If I say Bilbao and then Hobart, what comes to your mind?
For many, the answers respectively will be The Guggenheim and MONA. Cultural infrastructure writ large in both cases.
Understanding relationships between cities and their cultural infrastructure is important to our work. We often use examples we have researched first hand, like Cloud Gate in Chicago and The High Line in New York to illustrate the beneficial effects of civic investment in cultural infrastructure. By way of example, Chicago’s Cloud Gate and Millennium Park contribute around USD1.5B annually to the city’s economy and have catalysed in excess of 10B in urban renewal and development.
(Image: Anish Kapoor, Cloud Gate, 2006, Chicago)
Not only are we interested in how this works at the civic scale, we apply its lessons to individual development projects. As it does for cities, cultural infrastructure creates identity of place for urban developments, providing a distinctive character that brings them to life, attracts residents and tenants, and makes a positive contribution to their host cities.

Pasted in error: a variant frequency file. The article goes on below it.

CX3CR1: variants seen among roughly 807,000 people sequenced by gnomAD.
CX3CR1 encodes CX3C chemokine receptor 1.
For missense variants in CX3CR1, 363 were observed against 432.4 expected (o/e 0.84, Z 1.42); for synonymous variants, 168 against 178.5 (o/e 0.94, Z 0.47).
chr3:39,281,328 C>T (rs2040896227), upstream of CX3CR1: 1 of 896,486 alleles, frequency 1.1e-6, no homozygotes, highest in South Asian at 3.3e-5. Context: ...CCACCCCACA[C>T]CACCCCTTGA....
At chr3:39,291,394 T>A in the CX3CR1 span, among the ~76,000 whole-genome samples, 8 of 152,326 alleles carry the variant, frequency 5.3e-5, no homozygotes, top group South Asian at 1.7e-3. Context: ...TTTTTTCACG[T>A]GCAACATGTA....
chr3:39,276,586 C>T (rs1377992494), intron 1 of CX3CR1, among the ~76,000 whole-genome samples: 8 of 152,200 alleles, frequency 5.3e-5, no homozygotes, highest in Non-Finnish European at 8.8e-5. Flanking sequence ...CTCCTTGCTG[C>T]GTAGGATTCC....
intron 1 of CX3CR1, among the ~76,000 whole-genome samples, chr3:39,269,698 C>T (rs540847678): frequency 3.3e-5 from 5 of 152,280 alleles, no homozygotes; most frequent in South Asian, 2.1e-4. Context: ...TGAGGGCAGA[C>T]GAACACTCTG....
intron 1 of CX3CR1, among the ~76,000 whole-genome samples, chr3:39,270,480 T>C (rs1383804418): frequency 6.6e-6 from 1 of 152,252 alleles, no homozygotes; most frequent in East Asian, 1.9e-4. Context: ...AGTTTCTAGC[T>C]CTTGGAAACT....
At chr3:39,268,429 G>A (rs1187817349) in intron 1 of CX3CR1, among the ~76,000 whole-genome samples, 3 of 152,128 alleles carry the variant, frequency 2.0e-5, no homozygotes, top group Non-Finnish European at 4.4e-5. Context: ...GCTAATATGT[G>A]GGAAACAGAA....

Recently our research has turned to Bilbao and Hobart. Cultural Capital Director Harry Partridge paid a research visit to Bilbao’s Guggenheim earlier this year, and Harry and I both visited MONA last month while in Hobart working on a place-based vision for a development project.
Superficially these two projects appear to have much in common, but a little investigation highlights instructive differences. First-hand research always yields valuable information and Harry’s investigations in Bilbao and interviews with the people involved in the Guggenheim’s development show that the popular narrative around these projects doesn’t always accurately reflect the reality.
The accepted story of Bilbao is that the Guggenheim was the catalysing cultural intervention that led the city’s transformation from a polluted and run-down post-industrial relic to a contemporary city of cultural tourism. The truth is quite different.
(Image: Museo Guggenheim Bilbao)